Under the Golden Sun

04/23/2010 05:12 am ET | Updated May 25, 2011

On a spring day when chamomiles grow to cover the surrounding mountain hills of Kermanshah, a city on the western provinces of Iran and close to the border of Iraq, my family and relatives took shelter under that yellow and white umbrella. We all had abandoned our houses and belongings to escape the Iraqi bombings. Homeless and hopeless, under that golden sun, we felt safe. Kids played and gathered wood to light up fire at nights. They climbed up and down all day long. They found a cave in those tall Zagros Mountains, a shelter for us when the red alarm went off on the radio. The mountains were the safest place--Iraqi airplanes would not bomb the rocks. From the mountains, we could see the Iraqi airplanes, passing over our heads to kill the citizens of Kermanshah. Dozens of them flew in that blue sky, as if birds were migrating from cold to warm climate to attack the surrounding beetroot fields. How I wish they were birds, and they would attack the fields, instead of killing the innocents. The sound of the airplane engines traveled into our bodies, viberated into our souls, and left us all guilty to be safe in that dark mountain whole. The bombs and artillery echoes created a mixed shivering of joy and fear. Children cried, and adults held us tight to assure us of safety. Elderly whispered verses of Koran to ask for protection. God responded to theirs asking, or maybe it was luck, who knows. Yes, that wilderness and its mountains protected us for weeks before the cease-fire ended an eight-year war, in 1988. We survived the catastrophe and went back home where we realized many friends and acquaintances left their memories for us. Mournful and disturbed we remained for the rest of our lives.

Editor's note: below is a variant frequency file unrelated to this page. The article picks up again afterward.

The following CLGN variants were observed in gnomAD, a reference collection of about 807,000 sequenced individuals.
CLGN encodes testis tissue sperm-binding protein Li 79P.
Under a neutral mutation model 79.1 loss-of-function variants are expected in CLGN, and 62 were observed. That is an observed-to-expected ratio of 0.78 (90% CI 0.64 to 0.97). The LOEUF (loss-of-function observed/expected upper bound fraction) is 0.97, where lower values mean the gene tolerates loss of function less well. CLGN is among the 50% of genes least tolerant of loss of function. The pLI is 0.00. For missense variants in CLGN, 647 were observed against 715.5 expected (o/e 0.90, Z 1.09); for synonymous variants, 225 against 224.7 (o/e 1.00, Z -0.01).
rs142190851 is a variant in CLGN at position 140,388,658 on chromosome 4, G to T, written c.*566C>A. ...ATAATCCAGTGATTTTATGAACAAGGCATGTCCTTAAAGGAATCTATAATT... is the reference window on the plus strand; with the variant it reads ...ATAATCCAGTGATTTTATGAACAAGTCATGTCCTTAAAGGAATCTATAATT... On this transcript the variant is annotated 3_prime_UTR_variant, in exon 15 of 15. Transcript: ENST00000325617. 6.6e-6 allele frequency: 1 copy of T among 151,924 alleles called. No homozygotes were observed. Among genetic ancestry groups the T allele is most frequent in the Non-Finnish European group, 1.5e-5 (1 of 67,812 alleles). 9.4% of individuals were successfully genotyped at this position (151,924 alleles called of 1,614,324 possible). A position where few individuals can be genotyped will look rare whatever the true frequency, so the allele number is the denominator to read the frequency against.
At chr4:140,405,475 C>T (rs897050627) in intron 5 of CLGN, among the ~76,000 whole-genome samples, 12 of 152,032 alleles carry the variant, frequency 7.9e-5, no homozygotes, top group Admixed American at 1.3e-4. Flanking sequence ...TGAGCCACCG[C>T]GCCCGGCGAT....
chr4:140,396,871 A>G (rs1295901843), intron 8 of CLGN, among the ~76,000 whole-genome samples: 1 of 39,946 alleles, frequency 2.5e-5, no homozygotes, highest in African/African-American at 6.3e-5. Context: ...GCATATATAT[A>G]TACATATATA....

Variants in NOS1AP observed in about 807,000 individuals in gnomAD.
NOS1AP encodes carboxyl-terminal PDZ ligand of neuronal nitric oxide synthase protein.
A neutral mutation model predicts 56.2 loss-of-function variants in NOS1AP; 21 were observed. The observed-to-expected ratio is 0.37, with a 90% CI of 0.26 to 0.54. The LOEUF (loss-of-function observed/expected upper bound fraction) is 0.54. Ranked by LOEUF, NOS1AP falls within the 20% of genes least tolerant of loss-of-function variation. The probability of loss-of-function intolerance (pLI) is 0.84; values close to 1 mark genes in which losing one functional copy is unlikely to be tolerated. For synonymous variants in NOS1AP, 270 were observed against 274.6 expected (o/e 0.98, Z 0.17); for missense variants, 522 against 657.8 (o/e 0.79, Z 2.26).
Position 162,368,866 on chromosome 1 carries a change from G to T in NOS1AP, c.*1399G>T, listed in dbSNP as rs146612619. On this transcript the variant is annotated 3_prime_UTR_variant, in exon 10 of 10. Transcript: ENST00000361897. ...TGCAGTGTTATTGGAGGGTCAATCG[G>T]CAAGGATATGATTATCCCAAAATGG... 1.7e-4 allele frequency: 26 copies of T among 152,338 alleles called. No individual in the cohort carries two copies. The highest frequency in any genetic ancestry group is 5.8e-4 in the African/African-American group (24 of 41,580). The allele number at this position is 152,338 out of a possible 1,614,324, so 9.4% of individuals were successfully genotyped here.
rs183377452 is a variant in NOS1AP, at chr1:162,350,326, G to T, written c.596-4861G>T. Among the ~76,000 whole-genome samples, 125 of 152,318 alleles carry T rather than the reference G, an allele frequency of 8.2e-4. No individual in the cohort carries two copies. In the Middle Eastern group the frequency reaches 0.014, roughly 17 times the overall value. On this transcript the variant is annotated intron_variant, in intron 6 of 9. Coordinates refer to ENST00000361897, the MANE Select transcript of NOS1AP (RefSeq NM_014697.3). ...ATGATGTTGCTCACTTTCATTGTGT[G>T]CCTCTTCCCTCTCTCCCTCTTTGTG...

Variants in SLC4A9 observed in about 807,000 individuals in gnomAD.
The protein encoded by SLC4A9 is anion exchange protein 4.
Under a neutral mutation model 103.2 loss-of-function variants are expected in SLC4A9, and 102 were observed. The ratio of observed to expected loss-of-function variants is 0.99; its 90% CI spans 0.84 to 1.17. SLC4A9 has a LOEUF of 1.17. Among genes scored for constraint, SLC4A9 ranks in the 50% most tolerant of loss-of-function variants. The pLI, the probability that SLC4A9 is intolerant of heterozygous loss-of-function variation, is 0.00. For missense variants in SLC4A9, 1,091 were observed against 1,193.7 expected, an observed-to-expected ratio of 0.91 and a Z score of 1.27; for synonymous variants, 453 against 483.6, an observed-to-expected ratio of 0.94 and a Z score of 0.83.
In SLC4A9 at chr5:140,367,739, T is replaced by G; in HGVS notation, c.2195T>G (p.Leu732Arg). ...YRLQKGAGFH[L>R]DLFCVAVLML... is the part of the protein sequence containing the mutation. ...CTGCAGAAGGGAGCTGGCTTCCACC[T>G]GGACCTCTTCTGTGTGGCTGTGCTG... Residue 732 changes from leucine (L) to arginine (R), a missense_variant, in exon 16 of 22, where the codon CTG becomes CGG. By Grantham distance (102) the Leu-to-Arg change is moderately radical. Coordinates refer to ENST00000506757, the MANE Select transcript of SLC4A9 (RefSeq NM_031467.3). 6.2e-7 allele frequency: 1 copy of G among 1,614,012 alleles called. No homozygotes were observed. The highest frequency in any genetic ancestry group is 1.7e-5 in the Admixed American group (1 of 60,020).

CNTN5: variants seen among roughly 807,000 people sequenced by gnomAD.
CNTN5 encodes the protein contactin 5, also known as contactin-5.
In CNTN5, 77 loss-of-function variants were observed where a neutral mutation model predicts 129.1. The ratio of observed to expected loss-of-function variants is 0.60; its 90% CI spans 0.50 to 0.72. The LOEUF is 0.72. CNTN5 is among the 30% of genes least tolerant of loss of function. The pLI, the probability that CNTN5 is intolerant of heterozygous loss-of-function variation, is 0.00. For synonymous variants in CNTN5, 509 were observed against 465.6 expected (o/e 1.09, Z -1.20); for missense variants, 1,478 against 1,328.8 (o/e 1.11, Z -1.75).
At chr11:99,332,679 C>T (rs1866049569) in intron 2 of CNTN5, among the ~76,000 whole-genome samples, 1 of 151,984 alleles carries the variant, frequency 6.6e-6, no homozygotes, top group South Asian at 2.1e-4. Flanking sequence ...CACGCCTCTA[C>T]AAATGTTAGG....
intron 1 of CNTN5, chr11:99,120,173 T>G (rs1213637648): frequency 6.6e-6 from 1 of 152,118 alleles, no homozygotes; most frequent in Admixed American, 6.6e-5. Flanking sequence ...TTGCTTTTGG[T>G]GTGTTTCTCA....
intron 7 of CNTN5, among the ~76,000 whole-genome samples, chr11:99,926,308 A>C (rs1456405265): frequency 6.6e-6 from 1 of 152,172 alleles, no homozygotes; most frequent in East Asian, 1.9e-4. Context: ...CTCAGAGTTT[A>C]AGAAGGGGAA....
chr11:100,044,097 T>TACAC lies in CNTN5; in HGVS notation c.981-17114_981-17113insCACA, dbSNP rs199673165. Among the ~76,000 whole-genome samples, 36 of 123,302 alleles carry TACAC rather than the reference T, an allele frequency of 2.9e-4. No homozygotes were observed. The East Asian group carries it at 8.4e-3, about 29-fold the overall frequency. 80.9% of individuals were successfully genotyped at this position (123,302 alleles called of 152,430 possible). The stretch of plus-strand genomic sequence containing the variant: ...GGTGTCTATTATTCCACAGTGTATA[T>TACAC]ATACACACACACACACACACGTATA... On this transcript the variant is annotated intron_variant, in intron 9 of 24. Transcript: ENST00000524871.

Guilty of survival, we felt
Happy of living, we left
Mournful and sad, we faced
Wounded and injured, we remained.